||Rose M. "Rosina" |
||1 Jun 1919
||Rose M. "Rosina" Guyon |
|Eby ID Number
||26 Nov 2023 |
- At 100, Waterloo 'bomb girl' recalls wartime London and how she met her husband
Rosina Guyon, who moved to Canada in 1966, worked in a London munitions factory during the Second World War.
by Valerie Hill Waterloo Region Record
WATERLOO - The phone rings and Rosina Guyon smiles as she realizes the person on the other end of the line is her sister Rita, calling from England.
"Is this my special day?" Rosina asks of her sister. "How old am I, 400? I lost track."
Well, not quite 400, but at 100 years of age, her longevity is impressive \emdash especially considering Rosina was not expected to survive much past her mid-50s following a major heart attack. Then there is her diabetes, the result of several years of imbibing in junk food, particularly hard candies. And there are her pulmonary issues, which means she relies on a portable oxygen tank.
Rosina's 100th birthday was on Saturday, and The Record was invited in just prior to her centennial celebrations at her home in The Village, at University Gates long-term care facility in Waterloo.
Her daughter, Linda Vande Kolk, travelled from her home in Wisconsin for this special occasion and pondered the irony of her healthy father dying following unexpected heart attacks and strokes at age 67, while her mother still ticks along at 100 with all of her health issues.
"We joke that Dad is saying, 'What are you doing, you silly cow, get up here.'"
Rosina was all smiles being the centre of attention. Although age hasn't taken the edge off her wit, it has poked several holes in her memory, which made it difficult to tease out all of those rich stories of working in wartime London in a munitions factory. She was part of a contingent of young women known as "bomb girls" who worked in the factories while men served in the military.
She admits that the details of that time have faded, but what she does remember is being given a choice of jobs.
"I trained as a welder, I burnt myself so many times," Rosina said, recalling coming home at the end of a shift and finding pinhole burn marks on her clothing.
She also remembers being an "eager beaver," ready to learn a new skill and to feel like she was genuinely helping shorten the war by building bombs. She said she could have been assigned to weld "little fiddling things."
But she wanted to build bombs, and it would be bombs that eventually ended the Second World War. The work was dirty and dangerous, and factories were often targets for the Luftwaffe.
Rosina was born and raised in London, the daughter of an Irish-English mother and an Italian restaurant owner. Ruocco's was a small café-style eatery where Rosina worked after having to quit school at age 14.
She has told stories about being a girl in London and sneaking off to the gates of Kensington Palace, where she occasionally caught a glimpse of "the little girls" playing on the grounds. Of course, those little girls would have been Queen Elizabeth and her sister Margaret when they were children.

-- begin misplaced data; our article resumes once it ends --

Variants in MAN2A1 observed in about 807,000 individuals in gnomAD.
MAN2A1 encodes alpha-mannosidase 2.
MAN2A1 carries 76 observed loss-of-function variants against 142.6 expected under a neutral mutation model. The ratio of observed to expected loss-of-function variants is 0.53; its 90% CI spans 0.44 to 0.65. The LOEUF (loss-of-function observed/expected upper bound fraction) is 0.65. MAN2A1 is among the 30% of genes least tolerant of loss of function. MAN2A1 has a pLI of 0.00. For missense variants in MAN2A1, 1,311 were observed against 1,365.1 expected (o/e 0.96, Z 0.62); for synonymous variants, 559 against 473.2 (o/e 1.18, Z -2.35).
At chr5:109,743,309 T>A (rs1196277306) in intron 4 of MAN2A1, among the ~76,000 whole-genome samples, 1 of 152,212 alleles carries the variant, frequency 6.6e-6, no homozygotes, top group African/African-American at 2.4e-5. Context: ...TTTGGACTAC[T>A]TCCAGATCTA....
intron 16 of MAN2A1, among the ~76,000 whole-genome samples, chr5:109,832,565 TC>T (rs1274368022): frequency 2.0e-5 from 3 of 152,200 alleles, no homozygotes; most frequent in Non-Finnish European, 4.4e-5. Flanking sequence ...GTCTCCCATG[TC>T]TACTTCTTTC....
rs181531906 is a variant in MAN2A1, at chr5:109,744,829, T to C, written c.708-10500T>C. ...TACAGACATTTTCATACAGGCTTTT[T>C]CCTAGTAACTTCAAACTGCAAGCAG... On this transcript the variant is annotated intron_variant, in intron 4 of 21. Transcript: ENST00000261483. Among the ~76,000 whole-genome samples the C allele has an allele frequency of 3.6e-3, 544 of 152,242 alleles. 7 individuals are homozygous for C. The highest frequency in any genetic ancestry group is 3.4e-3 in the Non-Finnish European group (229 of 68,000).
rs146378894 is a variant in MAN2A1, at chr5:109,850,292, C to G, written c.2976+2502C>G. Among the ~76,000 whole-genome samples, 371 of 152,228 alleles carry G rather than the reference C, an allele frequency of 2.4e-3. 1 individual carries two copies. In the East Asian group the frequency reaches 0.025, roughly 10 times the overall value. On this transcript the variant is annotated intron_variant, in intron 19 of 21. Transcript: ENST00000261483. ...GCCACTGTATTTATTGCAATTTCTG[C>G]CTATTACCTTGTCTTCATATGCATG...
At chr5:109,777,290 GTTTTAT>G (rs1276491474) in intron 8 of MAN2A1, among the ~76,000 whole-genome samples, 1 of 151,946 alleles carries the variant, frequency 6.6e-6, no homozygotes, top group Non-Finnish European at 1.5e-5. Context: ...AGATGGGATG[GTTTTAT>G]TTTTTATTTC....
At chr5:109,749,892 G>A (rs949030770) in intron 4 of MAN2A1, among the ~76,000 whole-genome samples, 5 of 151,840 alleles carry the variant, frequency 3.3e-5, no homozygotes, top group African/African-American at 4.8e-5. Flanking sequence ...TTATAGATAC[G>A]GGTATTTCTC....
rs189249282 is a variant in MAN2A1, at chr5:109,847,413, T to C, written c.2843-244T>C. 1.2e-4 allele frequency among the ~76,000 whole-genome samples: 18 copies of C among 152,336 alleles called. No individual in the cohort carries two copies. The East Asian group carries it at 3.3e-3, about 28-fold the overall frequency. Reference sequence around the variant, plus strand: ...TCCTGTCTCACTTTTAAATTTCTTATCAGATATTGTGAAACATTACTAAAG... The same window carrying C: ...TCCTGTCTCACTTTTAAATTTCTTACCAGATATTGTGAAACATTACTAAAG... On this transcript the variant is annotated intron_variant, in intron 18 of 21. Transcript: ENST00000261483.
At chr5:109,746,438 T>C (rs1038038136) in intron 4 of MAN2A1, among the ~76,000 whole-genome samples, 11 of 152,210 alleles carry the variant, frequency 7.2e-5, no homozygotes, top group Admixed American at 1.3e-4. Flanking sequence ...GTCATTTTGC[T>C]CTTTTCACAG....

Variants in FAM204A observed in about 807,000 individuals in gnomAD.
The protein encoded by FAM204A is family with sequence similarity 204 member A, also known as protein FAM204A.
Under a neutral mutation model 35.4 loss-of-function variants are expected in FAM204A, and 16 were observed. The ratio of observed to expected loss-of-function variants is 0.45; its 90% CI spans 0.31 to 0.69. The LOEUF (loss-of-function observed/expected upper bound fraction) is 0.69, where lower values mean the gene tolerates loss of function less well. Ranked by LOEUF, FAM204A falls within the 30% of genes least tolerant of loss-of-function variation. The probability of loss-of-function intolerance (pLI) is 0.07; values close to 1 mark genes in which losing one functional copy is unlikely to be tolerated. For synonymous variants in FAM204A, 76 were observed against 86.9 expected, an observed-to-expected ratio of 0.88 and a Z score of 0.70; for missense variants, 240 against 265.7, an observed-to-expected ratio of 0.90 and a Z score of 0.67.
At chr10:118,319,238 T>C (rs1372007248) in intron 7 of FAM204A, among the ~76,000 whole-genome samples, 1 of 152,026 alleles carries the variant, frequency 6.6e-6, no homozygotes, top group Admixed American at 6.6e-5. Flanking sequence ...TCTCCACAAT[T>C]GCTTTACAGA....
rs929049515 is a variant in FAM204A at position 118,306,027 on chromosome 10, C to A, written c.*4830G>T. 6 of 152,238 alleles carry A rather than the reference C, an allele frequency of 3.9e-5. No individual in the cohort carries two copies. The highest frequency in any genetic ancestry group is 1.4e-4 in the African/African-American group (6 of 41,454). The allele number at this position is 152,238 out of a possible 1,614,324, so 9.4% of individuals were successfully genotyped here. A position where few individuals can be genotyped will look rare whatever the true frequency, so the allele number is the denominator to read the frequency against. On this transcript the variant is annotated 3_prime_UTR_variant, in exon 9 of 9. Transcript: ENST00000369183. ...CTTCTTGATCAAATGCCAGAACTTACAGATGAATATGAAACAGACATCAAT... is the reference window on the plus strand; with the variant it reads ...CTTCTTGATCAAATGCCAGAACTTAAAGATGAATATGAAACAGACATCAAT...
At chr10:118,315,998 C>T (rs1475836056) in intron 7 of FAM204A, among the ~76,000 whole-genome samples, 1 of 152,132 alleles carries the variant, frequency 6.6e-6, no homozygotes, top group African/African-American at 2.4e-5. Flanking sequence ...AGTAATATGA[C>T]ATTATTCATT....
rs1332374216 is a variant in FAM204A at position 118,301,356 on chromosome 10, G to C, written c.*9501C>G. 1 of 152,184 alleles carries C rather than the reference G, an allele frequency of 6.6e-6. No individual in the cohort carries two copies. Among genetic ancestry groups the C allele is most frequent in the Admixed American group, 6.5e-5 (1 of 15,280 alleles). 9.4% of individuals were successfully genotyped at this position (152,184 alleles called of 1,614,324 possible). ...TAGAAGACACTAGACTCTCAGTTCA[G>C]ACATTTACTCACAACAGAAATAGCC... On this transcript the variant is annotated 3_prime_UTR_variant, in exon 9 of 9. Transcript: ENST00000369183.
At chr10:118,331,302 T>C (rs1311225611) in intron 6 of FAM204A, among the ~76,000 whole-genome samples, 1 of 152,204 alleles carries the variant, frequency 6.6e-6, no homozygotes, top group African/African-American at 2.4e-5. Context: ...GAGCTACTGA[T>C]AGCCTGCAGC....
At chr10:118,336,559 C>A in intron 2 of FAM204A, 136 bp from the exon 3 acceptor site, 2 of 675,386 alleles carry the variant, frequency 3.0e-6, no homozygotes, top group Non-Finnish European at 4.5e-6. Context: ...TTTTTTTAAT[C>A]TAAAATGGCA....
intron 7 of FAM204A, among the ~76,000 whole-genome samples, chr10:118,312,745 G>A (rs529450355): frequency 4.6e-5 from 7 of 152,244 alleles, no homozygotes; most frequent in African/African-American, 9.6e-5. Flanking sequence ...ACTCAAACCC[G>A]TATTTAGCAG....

When Rosina was just a toddler with eight older siblings, her mother died after falling down some stairs while pregnant. Her father needed a new wife and sent for one in Italy. They married and proceeded to have five children. Rosina and her siblings didn't speak Italian, while their new stepmother didn't speak English.
Rosina said she liked growing up in such a big family. There was always some action, and someone was always available to go to the movies, theatre or dances. Then she met Jim in Ruocco's.
"He would come in with his pals. I gave them all a turn," she said, meaning there was a bit of flirting back and forth. In the end, she chose Jim.
The couple married in 1941 and Jim went off to serve in the Royal Air Force, returning after the war. Linda, an only child, was born soon after, and when she met a young engineer eager to move to Canada, the entire family followed: first Linda, then her parents in 1966. Their first stop was Toronto, but they later moved to Waterloo.
Jim was an electrician, while Rosina often worked part-time in restaurants.
Theirs was a very traditional marriage, with Jim making all of the decisions, Linda said. After he died, the responsibility transferred to Rosina, and Linda said something of a transformation took place.
"She came out of her shell," Linda said of her mother.
Today, at 100, Rosina in not afraid to speak up, and her sense of humour peeks through regularly.
As she speaks to her sister on the phone, Rosina says there are two men in the room (a family friend and a Record photographer).
"What am I doing with two men in my room? Nothing at the moment," she said. "Who are they? Who knows."
Hill, V. (2019). At 100, Waterloo 'bomb girl' recalls wartime London and how she met her husband. KitchenerPost.ca. Retrieved 3 June 2019, from https://www.kitchenerpost.ca/news-story/9404187-at-100-waterloo-bomb-girl-recalls-wartime-london-and-how-she-met-her-husband/